JT has created a set of platform-based solutions, providing universal connectivity via a suite of APIs, specially tailored to meet the needs of financial institutions, providing them with the resources they require to keep their customers' data safe. JT's platform-based service acts as an intermediary between a consumer and their bank, providing real-time information that can be used to create a scoring profile within those institutions to enable banks to check for inconsistencies in their client profiles.

 

Alongside providing clients with a forward-looking connectivity, JT’s solutions provide a suite of tools to detect irregularities and protect clients, that guards against several forms of mobile fraud, including SIM Swapping and call diversion – all driven from the same platform.

 

1. JT Monitor

JT Monitor is the first part of JT's mobile defense. It provides our clients with SIM level information, making it easy to tell if a SIM Swap has recently occurred. A baseline of SIM data is regularly compared against a SIM's current status, providing users with an insight into how high-risk a consumer is for having had their SIM swapped without their knowledge.

 

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For example, say a customer is attempting to access information or complete a transaction through their bank account. When partnered with JT, that bank can run the request through JT's Monitor system, which checks multiple variables to determine if a SIM is likely to have been swapped maliciously. If JT Monitor determines that the SIM has likely been compromised, it can relay this information to the bank, preventing the hacker from ever accessing any sensitive information or resources within the bank.

 

JT Monitor works closely with the JT Signal feature as well, which looks for potential call diversions on an individual's phone number - a strong indicator of fraudulent activity. Having these two features working in tandem allows banks to ensure customer safety in spite of the growing risk of SIM Swap fraud.

 

2. JT Signal

Call forwarding - also known as call diversion - is a form of mobile fraud that routes the phone calls intended for a specific number to another. This means that an institution trying to contact a customer could inadvertently be contacting a fraudster, without the institution's or the customer's knowledge. JT Signal is designed to automatically detect when a forwarded phone call is actually a diverted call and puts a stop to it immediately.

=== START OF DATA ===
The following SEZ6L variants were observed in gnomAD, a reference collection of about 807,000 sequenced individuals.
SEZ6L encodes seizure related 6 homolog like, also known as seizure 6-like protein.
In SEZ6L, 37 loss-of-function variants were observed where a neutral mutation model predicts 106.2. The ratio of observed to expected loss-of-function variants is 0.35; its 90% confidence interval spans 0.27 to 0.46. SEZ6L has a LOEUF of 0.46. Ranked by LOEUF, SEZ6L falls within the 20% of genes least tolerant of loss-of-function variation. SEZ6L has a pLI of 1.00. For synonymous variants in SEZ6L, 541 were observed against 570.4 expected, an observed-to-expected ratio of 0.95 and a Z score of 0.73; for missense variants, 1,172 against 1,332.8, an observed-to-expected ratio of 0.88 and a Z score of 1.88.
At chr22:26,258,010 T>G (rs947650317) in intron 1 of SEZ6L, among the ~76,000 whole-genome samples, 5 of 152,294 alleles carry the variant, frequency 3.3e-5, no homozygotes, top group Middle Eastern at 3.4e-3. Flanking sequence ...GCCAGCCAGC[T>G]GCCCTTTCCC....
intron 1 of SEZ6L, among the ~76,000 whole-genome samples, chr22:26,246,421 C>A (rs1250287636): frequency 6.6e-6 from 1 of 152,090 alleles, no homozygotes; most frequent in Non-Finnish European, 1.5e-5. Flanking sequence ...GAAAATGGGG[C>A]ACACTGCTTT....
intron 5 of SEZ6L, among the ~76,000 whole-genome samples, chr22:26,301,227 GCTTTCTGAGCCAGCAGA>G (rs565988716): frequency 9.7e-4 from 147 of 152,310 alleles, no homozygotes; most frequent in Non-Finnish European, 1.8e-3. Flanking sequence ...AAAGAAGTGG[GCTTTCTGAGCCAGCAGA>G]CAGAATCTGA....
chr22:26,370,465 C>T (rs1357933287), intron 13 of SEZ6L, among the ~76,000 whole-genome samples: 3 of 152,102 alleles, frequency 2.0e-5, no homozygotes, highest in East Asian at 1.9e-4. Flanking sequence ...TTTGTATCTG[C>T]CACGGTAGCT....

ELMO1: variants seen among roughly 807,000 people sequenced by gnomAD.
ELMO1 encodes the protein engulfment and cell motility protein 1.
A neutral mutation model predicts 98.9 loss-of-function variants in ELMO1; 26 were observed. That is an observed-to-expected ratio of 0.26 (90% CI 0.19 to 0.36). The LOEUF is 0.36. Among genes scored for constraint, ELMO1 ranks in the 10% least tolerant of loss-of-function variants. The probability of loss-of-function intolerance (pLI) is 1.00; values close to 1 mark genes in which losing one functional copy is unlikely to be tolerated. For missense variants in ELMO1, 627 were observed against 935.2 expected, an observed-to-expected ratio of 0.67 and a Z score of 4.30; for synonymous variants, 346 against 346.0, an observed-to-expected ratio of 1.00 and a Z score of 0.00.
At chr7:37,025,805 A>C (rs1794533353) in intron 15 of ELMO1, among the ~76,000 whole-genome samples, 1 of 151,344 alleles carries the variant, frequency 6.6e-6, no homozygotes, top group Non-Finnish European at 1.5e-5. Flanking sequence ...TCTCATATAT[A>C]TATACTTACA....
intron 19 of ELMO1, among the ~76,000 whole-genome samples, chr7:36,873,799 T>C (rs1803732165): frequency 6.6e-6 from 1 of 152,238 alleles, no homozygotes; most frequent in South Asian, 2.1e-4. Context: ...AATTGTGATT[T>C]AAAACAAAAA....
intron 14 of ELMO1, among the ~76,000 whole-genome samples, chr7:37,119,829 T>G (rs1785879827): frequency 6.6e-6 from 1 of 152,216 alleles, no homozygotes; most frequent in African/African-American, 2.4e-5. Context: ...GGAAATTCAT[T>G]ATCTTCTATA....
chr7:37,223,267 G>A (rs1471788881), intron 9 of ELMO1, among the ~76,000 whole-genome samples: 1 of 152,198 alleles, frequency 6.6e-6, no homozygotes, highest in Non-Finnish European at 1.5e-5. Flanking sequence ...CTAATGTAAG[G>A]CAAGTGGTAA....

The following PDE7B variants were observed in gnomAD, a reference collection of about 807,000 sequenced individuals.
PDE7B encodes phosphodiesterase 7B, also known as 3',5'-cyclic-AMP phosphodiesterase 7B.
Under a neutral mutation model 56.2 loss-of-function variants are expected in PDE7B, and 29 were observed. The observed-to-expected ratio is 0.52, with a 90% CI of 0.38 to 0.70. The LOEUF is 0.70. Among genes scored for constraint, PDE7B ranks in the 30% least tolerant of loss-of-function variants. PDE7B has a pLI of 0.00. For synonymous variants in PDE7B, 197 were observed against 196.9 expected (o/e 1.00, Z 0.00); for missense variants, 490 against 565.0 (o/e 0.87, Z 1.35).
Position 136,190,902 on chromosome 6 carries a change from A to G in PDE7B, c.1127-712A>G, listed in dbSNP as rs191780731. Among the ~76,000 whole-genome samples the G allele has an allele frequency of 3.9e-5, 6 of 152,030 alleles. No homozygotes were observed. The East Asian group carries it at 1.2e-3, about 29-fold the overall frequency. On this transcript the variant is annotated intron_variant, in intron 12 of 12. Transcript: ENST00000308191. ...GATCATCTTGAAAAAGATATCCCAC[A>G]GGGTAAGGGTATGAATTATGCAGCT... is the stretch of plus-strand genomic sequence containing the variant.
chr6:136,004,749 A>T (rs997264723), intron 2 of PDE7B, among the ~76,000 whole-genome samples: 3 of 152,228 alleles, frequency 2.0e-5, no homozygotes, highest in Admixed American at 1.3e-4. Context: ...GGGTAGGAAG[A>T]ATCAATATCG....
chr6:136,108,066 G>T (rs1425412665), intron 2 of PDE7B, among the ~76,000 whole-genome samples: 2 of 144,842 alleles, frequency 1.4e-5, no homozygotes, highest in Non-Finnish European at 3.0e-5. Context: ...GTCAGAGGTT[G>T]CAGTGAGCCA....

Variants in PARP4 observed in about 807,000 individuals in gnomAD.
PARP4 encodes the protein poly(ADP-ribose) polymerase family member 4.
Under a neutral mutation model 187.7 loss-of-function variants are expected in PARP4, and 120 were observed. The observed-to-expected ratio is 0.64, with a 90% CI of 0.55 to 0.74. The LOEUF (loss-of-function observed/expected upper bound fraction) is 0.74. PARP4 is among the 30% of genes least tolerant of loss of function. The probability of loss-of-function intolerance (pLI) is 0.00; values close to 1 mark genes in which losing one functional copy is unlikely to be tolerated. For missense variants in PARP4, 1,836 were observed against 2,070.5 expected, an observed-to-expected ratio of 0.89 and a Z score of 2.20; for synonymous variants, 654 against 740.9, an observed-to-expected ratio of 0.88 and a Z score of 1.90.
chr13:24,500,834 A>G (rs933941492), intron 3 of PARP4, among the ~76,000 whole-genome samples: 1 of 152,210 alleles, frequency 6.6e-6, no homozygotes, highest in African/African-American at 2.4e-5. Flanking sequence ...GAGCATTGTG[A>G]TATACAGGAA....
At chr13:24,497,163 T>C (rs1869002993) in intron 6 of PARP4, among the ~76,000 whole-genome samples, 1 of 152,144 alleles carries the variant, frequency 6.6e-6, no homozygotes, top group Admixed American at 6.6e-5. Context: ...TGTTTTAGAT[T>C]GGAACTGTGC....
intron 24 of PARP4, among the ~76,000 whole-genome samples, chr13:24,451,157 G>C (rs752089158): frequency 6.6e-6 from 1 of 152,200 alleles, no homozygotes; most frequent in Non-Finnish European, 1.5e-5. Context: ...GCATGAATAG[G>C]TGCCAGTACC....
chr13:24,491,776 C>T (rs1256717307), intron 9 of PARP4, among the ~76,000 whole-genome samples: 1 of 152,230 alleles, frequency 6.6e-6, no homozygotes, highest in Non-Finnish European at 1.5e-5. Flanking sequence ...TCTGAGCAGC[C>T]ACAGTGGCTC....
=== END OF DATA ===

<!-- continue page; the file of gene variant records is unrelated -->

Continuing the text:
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The JT Signal product provides access to a set of APIs that works in conjunction with the JT Monitor product to detect fraudulent SIM Swaps. JT is able to determine whether or not a mobile is set to divert incoming calls.  If for example, an unconditional call divert is in place, this can be an indicator that a subscriber’s details may have been compromised, and this will be input to the fraud scoring models of the banks to calculate a level of risk.

 

As part of the JT Signal product line, the platform can measure other unusual behaviour that will determine whether or not a person's SIM is being used abroad, and if so, where. JT Signal is also capable of determining if a phone number is registered and active, preventing false or outdated information from being used.

 

3. JT Locate

JT Locate is JT's third set of solutions to enable businesses in their pursuit of combatting fraudulent activity. The JT Fraud platform can provide certain levels of information relating to the location of a subscriber’s handset which again are fed into fraud scoring profiles. Information determining the country a handset is in, which network they are roaming on, along with proximity based on cell tower information.

 

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The JT Locate product line, provides these elements of a handsets location to enable customers to determine key information with regards to a subscriber when reviewing account details or making a purchase. For example, if a customer was attempting to make a purchase abroad, their bank would be notified that they were accessing funds in a new location. The bank - partnered with JT - would then send this request through JT Locate's system automatically, which would determine if the subscriber’s handset is in the same country as the access for funds is being made. It would then relay the decision back to the bank, at which point the bank would approve or deny the transaction based on JT's response.

 

The benefit of the scenario described above is that it takes a safety feature that has existed in banking for several years now and further automates the process, making it more convenient for the customer and the bank. Rather than simply denying a person's transaction because it's in an unusual location, JT Locate can provide intelligence to the financial institution to make a decision on whether or not to approve the transaction. This means that customers can enjoy a better experience when banking abroad, and banks can rest assured knowing that their service is just as secure as before, if not more so.

 

FPS Overview-1

 

To learn more about JT Fraud Protection Services,

please check out our FPS product overview.